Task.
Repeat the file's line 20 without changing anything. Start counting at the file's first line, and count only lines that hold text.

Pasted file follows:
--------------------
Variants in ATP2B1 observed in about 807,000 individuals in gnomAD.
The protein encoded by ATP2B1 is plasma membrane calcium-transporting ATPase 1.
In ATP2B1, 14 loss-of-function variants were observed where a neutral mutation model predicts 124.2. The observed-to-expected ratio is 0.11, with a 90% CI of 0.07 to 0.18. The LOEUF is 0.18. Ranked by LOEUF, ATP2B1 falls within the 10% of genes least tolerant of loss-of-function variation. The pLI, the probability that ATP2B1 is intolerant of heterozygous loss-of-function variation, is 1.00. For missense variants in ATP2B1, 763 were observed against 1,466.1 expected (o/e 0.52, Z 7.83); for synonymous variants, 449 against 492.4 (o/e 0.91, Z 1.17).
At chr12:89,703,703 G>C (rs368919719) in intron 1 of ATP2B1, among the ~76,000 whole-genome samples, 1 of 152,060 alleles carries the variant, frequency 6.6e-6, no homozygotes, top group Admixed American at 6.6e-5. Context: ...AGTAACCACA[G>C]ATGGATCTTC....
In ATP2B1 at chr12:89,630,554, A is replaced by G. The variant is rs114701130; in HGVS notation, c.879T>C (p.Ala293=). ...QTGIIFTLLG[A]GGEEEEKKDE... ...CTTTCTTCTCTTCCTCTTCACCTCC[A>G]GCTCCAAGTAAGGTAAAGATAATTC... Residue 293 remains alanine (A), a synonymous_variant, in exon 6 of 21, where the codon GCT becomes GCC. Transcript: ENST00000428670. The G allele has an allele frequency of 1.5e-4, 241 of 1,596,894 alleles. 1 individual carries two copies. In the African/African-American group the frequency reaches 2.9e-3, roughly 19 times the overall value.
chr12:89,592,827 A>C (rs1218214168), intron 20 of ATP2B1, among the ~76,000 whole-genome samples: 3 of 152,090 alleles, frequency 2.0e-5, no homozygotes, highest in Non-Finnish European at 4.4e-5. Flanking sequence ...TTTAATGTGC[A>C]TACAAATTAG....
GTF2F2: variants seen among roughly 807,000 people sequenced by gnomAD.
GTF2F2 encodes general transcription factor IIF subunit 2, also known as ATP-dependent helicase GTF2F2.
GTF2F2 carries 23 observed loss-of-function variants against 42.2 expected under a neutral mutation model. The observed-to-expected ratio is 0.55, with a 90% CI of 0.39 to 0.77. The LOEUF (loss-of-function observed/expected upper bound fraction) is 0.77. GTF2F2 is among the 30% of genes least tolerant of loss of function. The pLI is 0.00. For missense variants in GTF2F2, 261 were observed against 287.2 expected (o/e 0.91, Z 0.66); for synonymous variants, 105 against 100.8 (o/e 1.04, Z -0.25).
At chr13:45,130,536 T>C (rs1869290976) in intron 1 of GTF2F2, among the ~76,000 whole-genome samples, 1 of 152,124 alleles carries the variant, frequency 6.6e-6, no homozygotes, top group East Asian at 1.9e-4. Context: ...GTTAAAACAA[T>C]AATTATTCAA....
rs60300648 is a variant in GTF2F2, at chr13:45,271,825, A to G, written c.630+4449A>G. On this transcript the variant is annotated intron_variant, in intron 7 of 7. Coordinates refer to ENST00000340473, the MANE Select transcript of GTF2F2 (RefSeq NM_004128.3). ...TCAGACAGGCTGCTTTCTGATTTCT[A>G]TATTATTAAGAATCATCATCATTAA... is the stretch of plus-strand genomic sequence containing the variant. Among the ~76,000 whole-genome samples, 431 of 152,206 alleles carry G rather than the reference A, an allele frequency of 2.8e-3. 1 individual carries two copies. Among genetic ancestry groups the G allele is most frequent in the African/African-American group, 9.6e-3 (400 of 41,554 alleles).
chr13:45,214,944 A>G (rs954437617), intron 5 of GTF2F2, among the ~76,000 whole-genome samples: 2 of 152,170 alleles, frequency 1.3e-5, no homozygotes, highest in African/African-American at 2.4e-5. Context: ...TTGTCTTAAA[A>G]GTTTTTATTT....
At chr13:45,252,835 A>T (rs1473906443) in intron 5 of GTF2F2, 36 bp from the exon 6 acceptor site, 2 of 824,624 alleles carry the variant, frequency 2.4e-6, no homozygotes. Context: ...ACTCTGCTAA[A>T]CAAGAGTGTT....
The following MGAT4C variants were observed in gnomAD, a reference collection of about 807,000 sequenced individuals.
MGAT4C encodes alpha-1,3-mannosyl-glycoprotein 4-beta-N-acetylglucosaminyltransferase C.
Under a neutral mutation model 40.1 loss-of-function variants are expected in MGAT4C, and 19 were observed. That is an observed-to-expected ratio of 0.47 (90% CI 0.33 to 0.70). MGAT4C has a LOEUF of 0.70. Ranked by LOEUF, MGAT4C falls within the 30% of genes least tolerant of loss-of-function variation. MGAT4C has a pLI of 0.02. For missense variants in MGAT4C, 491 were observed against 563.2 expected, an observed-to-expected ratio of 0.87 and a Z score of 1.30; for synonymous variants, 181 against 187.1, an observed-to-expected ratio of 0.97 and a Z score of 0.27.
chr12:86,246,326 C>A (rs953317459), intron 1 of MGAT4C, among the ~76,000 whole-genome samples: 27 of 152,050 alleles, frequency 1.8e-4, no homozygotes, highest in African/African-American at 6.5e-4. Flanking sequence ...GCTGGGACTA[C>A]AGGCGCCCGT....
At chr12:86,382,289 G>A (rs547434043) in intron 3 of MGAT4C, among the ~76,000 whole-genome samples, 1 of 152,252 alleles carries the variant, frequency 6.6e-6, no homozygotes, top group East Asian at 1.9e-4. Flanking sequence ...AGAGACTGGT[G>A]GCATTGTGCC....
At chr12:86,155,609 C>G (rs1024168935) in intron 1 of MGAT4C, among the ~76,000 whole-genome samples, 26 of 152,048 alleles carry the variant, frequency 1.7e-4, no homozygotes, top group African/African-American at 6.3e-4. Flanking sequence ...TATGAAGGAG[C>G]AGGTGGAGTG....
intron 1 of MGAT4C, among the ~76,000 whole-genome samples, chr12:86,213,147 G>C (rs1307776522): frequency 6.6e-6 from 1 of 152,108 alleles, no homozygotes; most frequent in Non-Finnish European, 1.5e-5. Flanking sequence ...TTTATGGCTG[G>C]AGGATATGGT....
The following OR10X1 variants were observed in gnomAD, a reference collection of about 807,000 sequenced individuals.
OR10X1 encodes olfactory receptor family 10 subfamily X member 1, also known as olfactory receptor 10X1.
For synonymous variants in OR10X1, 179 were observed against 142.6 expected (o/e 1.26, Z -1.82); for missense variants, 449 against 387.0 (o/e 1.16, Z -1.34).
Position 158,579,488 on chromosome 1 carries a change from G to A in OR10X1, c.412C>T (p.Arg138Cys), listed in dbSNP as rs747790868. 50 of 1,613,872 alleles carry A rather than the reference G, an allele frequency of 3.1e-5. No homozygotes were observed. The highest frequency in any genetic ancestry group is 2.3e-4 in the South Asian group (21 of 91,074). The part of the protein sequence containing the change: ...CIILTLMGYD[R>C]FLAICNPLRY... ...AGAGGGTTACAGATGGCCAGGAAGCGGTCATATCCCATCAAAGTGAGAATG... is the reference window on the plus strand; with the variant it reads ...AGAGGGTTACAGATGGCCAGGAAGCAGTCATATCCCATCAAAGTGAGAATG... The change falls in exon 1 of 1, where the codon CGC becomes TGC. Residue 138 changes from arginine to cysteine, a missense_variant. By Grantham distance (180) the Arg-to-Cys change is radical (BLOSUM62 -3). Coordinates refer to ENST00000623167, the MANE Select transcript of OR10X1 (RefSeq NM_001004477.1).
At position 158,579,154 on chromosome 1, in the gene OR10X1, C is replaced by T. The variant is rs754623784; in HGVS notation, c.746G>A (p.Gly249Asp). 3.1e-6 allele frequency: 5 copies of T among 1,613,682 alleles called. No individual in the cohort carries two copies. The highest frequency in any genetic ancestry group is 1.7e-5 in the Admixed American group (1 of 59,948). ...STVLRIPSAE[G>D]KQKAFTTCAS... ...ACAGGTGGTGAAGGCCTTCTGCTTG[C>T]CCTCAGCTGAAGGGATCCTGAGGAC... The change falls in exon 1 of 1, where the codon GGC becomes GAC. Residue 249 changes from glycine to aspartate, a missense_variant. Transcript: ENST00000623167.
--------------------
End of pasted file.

intron 1 of MGAT4C, among the ~76,000 whole-genome samples, chr12:86,213,147 G>C (rs1307776522): frequency 6.6e-6 from 1 of 152,108 alleles, no homozygotes; most frequent in Non-Finnish European, 1.5e-5. Flanking sequence ...TTTATGGCTG[G>C]AGGATATGGT....